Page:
2053 Changes in Skin Prick Test Results over 3 Years in School-Aged Children

Thursday, 15 October 2015
Hall D1 Foyer (Floor 3) (Coex Convention Center)

Hahn Jin Jung , Seoul National University Hospital, Seoul, South Korea

Jaehyun Lim , Seoul National University Hospital, Seoul, South Korea

Seung-No Hong , Seoul National University Hospital, Seoul, South Korea

Doo Hee Han , Otorhinolaryngology, Seoul National University Hospital, Seoul, South Korea

Chae-Seo Rhee, MD, PhD , Otorhinolaryngology, Seoul National University Bundang Hospital, South Korea

Objectives Determining the allergen is important for the diagnosis and management of allergic diseases. The skin prick test (SPT) has been widely used to identify allergens. Skin sensitivity to allergens can change due to changes in lifestyle and outdoor environments. Little is known about the changes of allergen sensitivity in young children.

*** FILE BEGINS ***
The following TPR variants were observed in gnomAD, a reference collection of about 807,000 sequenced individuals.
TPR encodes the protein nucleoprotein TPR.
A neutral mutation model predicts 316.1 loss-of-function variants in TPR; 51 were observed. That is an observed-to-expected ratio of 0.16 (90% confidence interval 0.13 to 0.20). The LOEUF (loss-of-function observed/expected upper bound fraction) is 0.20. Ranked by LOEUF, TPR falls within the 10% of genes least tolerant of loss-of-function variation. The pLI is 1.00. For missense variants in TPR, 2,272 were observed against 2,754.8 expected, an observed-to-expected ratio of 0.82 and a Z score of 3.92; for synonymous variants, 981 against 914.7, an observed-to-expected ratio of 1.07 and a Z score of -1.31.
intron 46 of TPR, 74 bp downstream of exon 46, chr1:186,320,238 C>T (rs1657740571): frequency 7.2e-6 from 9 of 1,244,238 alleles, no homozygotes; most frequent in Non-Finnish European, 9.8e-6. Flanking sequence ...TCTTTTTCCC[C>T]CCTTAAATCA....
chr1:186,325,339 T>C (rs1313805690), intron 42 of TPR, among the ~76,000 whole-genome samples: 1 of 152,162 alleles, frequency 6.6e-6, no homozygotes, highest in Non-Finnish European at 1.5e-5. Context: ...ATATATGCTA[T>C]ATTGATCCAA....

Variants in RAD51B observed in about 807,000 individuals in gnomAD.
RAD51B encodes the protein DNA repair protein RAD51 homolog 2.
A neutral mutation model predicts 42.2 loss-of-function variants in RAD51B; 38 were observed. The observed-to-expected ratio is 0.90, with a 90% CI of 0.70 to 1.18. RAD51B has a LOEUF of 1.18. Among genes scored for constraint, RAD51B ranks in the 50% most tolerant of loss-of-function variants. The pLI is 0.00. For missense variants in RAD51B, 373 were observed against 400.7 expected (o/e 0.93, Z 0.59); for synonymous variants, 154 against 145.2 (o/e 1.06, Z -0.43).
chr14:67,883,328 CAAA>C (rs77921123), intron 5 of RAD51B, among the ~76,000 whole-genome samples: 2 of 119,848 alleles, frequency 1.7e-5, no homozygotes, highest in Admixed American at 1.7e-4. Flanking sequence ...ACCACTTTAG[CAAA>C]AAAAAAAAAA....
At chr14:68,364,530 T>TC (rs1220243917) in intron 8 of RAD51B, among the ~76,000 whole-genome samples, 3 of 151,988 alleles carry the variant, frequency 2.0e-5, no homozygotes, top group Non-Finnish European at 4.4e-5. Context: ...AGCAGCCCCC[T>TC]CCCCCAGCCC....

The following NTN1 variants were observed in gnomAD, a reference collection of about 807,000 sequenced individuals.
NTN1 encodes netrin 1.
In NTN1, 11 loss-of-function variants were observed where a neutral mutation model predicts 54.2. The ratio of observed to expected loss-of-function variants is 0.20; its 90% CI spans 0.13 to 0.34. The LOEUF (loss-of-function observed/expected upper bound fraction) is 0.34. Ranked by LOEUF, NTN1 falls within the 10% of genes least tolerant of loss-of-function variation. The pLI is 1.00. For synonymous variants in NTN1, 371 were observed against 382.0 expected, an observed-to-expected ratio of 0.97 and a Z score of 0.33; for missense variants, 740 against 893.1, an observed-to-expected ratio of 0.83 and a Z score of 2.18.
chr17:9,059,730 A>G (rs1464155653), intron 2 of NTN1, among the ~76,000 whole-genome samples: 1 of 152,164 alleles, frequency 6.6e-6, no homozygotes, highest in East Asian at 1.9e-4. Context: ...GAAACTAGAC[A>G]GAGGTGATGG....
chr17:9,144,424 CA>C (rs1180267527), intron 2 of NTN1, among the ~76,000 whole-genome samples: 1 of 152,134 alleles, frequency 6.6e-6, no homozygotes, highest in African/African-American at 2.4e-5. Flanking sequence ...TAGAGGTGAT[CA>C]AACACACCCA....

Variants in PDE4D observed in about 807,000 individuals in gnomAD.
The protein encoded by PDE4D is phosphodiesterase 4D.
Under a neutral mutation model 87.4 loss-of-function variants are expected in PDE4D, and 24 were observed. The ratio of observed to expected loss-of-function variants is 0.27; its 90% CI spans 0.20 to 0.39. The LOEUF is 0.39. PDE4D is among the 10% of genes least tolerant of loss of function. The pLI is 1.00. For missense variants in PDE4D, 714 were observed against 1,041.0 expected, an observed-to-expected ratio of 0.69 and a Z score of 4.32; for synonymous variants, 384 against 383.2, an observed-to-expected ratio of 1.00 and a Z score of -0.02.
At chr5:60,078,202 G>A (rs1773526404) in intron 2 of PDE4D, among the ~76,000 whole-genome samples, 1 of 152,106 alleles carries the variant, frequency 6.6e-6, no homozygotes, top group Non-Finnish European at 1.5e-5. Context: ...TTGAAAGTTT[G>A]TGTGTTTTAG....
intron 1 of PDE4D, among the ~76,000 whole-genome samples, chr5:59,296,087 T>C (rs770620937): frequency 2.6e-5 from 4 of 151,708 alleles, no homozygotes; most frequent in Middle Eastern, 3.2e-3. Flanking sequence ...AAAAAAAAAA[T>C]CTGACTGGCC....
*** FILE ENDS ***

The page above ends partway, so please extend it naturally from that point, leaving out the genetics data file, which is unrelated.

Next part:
Methods In this Allergic Rhinitis Cohort Study for Kids (ARCO-kids), consecutive pediatric patients with rhinitis symptoms underwent skin prick tests (SPTs). 1689 children were assessed for allergen sensitivity from 2009 to 2011. SPTs were performed with inhalant allergens at initial survey and re-performed at 3-year follow-up survey.

Results 280 children fulfilled the follow-up SPT. Initially 72 children were negative for SPT and 25 (34.7%) developed skin sensitivity during the 3-year study. Among 25 children, 20 (80%) were newly sensitized to house dust mites (HDM). 194 (69.3%) were sensitized to HDM at initial survey and 213 (76.1%) were sensitized to HDM at follow-up survey. Skin sensitivity to cat, dog, tree, grass, fungus also increased during the study. 102 children were sensitized only to HDM. After 3-year follow up, 41 (40.2%) were newly sensitized to other antigens such as cat, dog, trees.

Conclusion Our study showed the changes in skin sensitivity to inhalant allergens over 3 years in school-aged children. Skin sensitivity was increased in both non-sensitizer and mono-sensitizer to HDM.